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For Immediate Release: January 21, 2021

Media Contacts: Daryl G. Kimball, executive director, (202) 463-8270 ext. 107; Kingston Reif, director for disarmament policy, (202) 463-8270 ext. 104

(Washington, D.C.)—On Jan. 22, the Treaty on the Prohibition of Nuclear Weapons formally enters into force.

For the first time since the invention of the atomic bomb, nuclear weapons development, production, possession, use, threat of use, and stationing of another country’s nuclear weapons on a states party's national territory will all be expressly prohibited in a global treaty. The TPNW will also require states to provide assistance to those affected by nuclear weapons use and testing.

“We welcome the arrival of the TPNW, which marks a historic and very positive step forward in the decades-long effort to prevent nuclear war and create a world free of nuclear weapons,” said Daryl G. Kimball, executive director of the Arms Control Association.

“Rather than adopt the Trump administration’s misguided criticism of the TPNW as a threat to the NPT and repeat its clumsy attempt to get states un-sign the treaty, the incoming Biden administration should make it clear that the United States views the TPNW a good faith effort by the majority of the world’s nations to fulfill their own NPT-related disarmament obligations and help build the legal framework for the eventual elimination of nuclear weapons,” suggested former U.S. Assistant Secretary of State for International Security and Nonproliferation, Tom Countryman, who serves as chair of the board of the Arms Control Association.

“While the TPNW will not immediately eliminate any nuclear weapons, the treaty further delegitimizes nuclear weapons and strengthens the legal and political norm against their possession and use—and hopefully will compel renewed action by nuclear-weapon states to fulfill their commitment to the complete elimination of nuclear weapons,” Kimball said.

“The TPNW is a powerful reminder that for the majority of the world’s states, nuclear weapons — and policies that threaten their use for any reason — are immoral, dangerous, and unsustainable,” Kimball added.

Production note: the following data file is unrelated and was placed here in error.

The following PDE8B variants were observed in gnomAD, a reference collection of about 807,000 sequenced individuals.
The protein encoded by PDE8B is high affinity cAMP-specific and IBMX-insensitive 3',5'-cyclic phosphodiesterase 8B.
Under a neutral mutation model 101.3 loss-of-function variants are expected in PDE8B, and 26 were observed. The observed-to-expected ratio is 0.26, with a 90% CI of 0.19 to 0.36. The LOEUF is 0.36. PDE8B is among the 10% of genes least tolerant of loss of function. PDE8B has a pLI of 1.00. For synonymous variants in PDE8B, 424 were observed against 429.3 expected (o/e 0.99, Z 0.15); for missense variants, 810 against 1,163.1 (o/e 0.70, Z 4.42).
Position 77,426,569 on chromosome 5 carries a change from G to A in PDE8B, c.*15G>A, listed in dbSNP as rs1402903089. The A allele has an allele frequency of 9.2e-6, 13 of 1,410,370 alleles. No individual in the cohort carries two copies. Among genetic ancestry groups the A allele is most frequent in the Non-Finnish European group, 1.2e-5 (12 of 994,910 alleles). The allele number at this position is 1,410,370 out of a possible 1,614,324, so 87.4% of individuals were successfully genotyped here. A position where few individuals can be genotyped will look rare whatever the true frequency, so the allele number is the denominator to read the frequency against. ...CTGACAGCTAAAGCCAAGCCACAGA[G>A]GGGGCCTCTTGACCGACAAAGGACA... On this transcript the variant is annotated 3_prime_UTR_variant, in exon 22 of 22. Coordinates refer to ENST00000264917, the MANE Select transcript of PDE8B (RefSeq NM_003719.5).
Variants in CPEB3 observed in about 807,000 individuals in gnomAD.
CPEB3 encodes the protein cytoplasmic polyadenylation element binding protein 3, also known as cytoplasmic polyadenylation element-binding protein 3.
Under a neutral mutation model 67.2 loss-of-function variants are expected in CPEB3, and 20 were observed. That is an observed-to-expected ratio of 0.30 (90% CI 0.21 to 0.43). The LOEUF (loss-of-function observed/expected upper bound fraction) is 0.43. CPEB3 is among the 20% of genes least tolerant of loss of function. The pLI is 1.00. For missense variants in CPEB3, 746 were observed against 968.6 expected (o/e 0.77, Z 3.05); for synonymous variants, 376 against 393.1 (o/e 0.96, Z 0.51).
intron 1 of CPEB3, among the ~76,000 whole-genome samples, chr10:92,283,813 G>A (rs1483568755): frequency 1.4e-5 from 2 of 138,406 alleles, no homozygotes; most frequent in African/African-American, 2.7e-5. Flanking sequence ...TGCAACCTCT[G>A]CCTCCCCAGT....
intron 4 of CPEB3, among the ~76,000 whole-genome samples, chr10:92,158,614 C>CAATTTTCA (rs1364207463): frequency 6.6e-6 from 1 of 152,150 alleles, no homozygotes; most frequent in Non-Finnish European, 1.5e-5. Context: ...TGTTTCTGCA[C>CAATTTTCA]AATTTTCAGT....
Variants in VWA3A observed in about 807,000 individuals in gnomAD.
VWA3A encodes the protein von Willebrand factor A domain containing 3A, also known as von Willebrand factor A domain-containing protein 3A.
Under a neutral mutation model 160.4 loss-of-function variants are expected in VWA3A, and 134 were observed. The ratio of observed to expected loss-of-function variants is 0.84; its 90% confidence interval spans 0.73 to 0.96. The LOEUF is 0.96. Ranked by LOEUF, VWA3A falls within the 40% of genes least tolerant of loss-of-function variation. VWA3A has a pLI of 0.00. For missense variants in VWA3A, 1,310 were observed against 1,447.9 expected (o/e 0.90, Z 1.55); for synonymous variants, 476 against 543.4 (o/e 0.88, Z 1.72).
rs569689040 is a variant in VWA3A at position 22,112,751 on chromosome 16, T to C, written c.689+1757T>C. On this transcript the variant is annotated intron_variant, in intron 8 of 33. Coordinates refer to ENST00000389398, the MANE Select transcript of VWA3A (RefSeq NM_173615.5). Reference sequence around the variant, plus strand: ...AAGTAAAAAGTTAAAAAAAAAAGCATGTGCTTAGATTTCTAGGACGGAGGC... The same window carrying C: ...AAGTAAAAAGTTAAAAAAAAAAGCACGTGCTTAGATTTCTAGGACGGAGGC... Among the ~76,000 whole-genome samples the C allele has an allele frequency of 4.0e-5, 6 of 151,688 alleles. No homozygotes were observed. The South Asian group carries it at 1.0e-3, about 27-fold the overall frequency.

The TPNW complements other nonproliferation and disarmament instruments, including the 1968 Nonproliferation Treaty (NPT). The TPNW effort was also designed to fill a “legal gap” in the global nuclear nonproliferation regime.

While the NPT obligates non-nuclear-weapon states to foreswear nuclear weapons, it recognized the five original nuclear-weapon states — the United States, Russia, the United Kingdom, France, and China — that already possessed them at the time the NPT was negotiated.

Article VI of the NPT obliges all of its 190 states parties to “pursue negotiations in good faith on effective measures relating to cessation of the nuclear arms race at an early date and to nuclear disarmament, and on a treaty on general and complete disarmament under strict and effective international control.” But the NPT does not explicitly ban nuclear weapons, and some nuclear-armed states (India, Israel, and Pakistan) are not members of the NPT.

“This adjustment to the United States’ rhetorical approach to the TPNW, which can help begin to restore the U.S. reputation as a global leader and bridge-builder and it will improve Washington’s opportunity rally support around a meaningful consensus final document and action plan at the pivotal 10th NPT Review Conference in August 2021,” Countryman said.

“Now that the TPNW exists, all states—whether they are opponents, supporters, skeptics, or undecideds on the treaty—need to learn to live with it responsibly and find creative ways to move forward together to press for progress on their common challenge: preventing nuclear conflict and eventually ridding the world of nuclear weapons,” Countryman suggested.

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For the first time since the invention of the atomic bomb, nuclear weapons development, production, possession, use, threat of use, and stationing of another country’s nuclear weapons on a states party's national territory will all be expressly prohibited in a global treaty.